The petroglyphs are sacred to the Paiute tribe who live nearby. The carvings represent a wide range of images, from recognizable forms such as hunters, sheep, deer, and lizards, to geometric designs and symbols. The Paiute believe that the etchings connect them to their ancestors.
The area is open to tourists, but the area is periodically closed so that the Paiute people can conduct ceremonies and rituals.
Local tribal members and archaeologists alike have been left reeling in the wake of the theft. Greg Haverstock, an archaeologist for the U.S. Bureau of Land Management in Bishop, California called the theft "the worst example of vandalism in my career in my field office." The Bureau oversees the 750,000 acres of public land on which the carvings rest.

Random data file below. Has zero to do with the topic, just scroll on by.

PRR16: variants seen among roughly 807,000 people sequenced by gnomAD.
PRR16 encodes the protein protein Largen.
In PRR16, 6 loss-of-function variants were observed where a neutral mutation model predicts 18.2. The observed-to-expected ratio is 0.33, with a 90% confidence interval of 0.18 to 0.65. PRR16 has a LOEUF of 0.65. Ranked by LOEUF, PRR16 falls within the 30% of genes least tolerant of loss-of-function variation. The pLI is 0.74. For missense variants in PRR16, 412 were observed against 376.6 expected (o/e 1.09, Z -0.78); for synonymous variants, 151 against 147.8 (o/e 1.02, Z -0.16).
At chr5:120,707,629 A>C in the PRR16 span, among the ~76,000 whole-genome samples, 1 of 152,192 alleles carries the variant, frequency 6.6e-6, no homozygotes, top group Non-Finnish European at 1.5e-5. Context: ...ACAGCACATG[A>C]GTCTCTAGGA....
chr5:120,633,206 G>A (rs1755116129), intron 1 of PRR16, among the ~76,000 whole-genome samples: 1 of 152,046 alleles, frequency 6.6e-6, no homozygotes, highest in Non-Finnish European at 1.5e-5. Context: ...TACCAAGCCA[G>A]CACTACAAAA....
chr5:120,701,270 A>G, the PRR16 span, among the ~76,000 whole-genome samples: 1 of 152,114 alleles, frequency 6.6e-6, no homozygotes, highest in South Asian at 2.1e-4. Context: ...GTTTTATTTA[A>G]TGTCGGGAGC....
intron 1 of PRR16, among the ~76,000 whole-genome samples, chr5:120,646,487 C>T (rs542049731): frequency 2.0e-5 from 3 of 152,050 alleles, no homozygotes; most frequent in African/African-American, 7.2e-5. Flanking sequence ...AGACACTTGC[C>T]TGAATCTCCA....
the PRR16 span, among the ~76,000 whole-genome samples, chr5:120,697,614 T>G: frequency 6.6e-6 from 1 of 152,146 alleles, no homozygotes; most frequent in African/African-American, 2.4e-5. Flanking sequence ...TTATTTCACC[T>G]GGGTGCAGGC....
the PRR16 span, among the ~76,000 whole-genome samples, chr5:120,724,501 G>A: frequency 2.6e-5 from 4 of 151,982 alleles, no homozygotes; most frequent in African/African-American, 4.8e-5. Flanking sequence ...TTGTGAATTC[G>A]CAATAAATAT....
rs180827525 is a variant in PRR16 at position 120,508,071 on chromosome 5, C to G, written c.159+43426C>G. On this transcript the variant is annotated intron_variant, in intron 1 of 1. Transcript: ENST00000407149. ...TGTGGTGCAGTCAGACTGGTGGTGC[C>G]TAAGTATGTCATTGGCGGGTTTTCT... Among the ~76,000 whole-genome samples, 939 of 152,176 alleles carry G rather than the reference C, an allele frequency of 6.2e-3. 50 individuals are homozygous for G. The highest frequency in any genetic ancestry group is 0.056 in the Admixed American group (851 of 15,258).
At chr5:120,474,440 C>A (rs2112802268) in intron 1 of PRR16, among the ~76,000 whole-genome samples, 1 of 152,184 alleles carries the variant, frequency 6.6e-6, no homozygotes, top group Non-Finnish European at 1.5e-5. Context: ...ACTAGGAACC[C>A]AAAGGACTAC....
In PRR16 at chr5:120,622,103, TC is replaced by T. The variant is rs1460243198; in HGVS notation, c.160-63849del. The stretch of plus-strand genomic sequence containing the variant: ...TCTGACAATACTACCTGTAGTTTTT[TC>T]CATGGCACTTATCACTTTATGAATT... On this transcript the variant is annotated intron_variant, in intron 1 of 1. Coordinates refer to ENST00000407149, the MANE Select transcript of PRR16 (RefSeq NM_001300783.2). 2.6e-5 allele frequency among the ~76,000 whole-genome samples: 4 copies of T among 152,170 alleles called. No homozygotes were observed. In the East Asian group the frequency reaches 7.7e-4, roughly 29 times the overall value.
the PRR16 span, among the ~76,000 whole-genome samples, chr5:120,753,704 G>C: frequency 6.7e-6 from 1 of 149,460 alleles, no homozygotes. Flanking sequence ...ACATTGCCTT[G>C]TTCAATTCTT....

Raymond Andres, a Paiute who serves as the tribal historical preservation officer for the Bishop area, explained that the tribe view the images as messages left by ancestors, and that people go to pray and seek guidance at the sacred stone sites. "We still use this sacred place as a kind of church to educate tribal members and children about our historical and spiritual connections... so our tribal elders are appalled by what happened here."
The value of the carvings are estimated to be within the $500-$1500 range per piece, but even if the drawings are recovered, there is no way to repair the damage to the site. The Bureau is offering a $1000 reward for information leading to arrest. A first-time felony conviction for damaging or removing petroglyphs can carry a one-year prison sentence and a $20,000 fine.
Sources: Daily Mail, NBC News